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Networking For A Law Career

“Sometimes, idealistic people are put off the whole business of networking as something tainted by flattery and the pursuit of selfish advantage. But virtue in obscurity is rewarded only in heaven. To succeed in this world, you have to be known to people.” – Sonia Sotomayor (Associate Justice of the Supreme Court of the United States of America)

It is not uncommon for some people to dismiss networking as nothing more than a sham in which people hide behind devious smiles, give empty compliments and use flowery words in order to achieve their personal agendas. Though not entirely untrue (some, if not most people who attend networking sessions do ultimately go with some sort of end in mind), such a line of criticism of this activity should not be overstated. To an extent, being proficient in networking could potentially prove the difference between securing a job and not.

Networking is the process of cultivating relationships to gain exposure, to obtain information as well as to discover opportunities. In practical terms, networking is an essential tool for all students and graduates looking to a career in the legal field because it allows you to build relationships with key people (barristers/solicitors/associates etc.) who might be able to help you in ways you cannot yet predict. Here, we will highlight some of the things you might wish to look out for when going about meeting the right people.

Preparation

If you truly want to gain from a networking session, it is imperative that adequate preparation is done prior to attending the session.

Make a list

It is clearly impractical and impossible for any person to attend a session and be able to mingle with every other person in the room or at the venue (unless it is a small networking group, in which case, it is possible to be able to interact with all that are present). As such, it might be wise to do some research on the attending parties beforehand and make a list of the people or firms you wish to talk to. By doing so, you will not waste precious time at the session thinking about who to talk to, and be able to make full use of the time you have there.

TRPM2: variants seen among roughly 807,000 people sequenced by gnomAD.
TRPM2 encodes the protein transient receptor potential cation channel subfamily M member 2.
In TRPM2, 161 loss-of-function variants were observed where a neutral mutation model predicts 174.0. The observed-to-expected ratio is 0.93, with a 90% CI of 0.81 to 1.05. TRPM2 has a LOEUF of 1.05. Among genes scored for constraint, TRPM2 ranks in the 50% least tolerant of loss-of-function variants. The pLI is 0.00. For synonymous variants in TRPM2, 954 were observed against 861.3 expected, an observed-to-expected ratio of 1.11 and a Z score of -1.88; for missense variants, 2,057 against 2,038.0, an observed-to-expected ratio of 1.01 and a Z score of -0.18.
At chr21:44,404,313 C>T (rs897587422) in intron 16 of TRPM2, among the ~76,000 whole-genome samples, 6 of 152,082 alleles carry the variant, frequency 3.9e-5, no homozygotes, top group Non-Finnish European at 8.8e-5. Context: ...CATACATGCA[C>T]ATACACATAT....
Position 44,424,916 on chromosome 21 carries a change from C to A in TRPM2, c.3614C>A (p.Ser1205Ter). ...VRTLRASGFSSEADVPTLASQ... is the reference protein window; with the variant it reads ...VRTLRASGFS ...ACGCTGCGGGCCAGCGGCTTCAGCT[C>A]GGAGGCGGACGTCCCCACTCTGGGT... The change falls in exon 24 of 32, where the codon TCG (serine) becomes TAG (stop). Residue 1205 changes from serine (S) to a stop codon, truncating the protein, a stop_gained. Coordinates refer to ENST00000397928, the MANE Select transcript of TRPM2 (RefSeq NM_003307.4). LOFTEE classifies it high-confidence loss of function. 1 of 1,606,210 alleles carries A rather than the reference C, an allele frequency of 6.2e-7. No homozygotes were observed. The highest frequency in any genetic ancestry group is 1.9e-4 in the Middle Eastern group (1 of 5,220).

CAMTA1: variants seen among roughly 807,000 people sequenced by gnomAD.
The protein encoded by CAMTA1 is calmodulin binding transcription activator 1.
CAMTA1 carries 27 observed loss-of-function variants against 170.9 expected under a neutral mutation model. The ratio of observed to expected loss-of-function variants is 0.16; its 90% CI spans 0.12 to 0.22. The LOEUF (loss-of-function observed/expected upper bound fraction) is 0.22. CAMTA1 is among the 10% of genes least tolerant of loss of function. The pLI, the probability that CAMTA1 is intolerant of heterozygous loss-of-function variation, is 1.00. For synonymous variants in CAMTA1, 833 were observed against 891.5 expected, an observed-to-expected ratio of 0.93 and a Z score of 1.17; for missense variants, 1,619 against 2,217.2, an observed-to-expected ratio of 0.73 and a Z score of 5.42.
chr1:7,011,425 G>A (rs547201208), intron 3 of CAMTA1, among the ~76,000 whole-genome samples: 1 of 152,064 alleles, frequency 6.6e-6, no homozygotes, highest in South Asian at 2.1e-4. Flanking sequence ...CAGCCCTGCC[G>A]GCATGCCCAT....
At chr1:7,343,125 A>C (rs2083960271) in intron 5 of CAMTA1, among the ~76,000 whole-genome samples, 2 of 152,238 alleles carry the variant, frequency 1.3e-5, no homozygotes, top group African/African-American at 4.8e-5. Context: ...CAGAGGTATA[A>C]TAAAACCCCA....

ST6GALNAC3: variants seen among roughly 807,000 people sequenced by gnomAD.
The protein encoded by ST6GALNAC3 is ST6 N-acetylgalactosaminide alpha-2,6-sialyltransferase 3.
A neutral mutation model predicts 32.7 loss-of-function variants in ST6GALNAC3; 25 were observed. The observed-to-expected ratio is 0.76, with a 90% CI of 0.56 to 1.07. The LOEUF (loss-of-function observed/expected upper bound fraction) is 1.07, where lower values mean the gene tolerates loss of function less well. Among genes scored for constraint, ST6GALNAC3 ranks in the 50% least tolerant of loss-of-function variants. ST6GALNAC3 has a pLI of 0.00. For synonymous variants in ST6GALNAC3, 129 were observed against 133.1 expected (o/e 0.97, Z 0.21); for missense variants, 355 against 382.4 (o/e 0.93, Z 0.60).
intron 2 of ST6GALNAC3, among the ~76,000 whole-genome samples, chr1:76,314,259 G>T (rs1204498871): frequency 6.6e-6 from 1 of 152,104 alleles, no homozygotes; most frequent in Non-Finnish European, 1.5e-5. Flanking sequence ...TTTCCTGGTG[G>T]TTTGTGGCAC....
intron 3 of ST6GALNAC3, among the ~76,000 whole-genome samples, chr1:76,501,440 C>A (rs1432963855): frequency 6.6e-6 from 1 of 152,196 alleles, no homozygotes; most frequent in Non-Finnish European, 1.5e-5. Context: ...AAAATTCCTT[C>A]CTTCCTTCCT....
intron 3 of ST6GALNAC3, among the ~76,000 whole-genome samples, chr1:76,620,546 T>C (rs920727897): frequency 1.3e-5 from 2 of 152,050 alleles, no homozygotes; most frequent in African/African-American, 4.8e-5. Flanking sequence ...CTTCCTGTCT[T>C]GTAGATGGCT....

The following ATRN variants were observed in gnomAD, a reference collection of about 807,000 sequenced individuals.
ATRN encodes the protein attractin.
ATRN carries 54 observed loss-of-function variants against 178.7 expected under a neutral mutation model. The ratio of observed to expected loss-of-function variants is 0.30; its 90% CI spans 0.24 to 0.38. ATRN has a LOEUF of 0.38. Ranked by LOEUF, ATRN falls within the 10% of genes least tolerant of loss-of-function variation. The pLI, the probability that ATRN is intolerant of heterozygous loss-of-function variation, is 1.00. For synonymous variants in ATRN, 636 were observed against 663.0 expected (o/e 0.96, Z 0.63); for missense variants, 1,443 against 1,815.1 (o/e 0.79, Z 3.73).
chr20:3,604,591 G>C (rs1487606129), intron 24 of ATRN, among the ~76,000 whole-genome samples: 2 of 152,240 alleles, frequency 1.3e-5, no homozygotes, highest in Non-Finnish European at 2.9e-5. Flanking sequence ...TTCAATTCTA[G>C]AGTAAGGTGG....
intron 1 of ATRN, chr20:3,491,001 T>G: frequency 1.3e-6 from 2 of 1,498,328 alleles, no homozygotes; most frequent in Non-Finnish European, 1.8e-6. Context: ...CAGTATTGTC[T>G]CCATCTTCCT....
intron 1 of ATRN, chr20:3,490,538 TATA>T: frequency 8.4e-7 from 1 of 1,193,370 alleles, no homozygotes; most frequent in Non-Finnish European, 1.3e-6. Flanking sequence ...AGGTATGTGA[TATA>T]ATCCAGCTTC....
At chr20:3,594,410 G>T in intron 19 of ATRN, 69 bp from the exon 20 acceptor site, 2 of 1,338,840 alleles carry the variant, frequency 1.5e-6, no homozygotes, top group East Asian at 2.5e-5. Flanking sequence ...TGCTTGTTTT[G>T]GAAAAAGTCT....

In deciding who to put on your list, the rule of thumb is – identify the firms and the people who are most likely to be able to provide you with the relevant information you seek. For instance, if you wish to secure a training contract or join the team at Allen & Overy, logically, you would rather talk to someone from Allen & Overy and not a solicitor from a different law firm. Also, bear in mind the position of the person you to talk to. It is not impossible for a trainee associate to tell you something completely different from what a partner tells you when both are posed the same question.

Ask the right questions

Being able to ask the right questions is just as important as asking the right people. Even if you are able to identify the people who are most able to help you, it will not do you any good if you do not ask questions which will both leave an impression on the attending firms as well as provide you with the information you need or seek. Contrary to popular belief, there is such a thing as a ‘stupid question’. Questions that fall under this category are those which can be answered simply by looking at the firms’ websites or recruitment brochures, as well as those which can be answered by using one’s common sense. Again, this is the reason why prior research is important. Also, professionals who have given up valuable time to be present at a law fair or any other networking event will not take too well to answering questions like ‘what sets you apart from other law firms?’ or ‘what is it that you do?’ Ask stimulating, engaging questions which you think are likely to leave an impression. A good one.

Attitude and Attire

Adopt a professional attitude when attending a networking event. It is, after all, a profession you are looking to as a potential career. Do not treat the session like a lunch date out with friends, but neither should you approach it meekly. Approach the event with confidence and treat it like a formal chat session. Show the recruiters that you are bold and that you know what exactly it is that you want out of the session.

Dressing formally is not a necessity unless stated. For instance, law fairs are meant to be informative events and rarely (if at all) require you to dress in a suit and tie but a firm dinner or drinks session might see it as a requirement. In any case, do note that you are speaking to would-be employers and potential colleagues. You want to leave a good impression and dressing smartly will go some way to achieving that aim.

Some final Dos and Don’ts:

Don’t

  • be distracted by other things whilst in the midst of talking to someone
  • interrupt anyone who is talking, be it a fellow student or recruiter
  • be intimidated

Do

  • introduce yourself. 1 or 2 sentences will be sufficient (e.g name, school, course, year etc.)
  • speak confidently
  • maintain positive body language (do not fold your arms and ensure you make eye contact with whoever you are talking to etc.)
  • be direct and go straight to the point. Do not beat around the bush
  • always remember to smile
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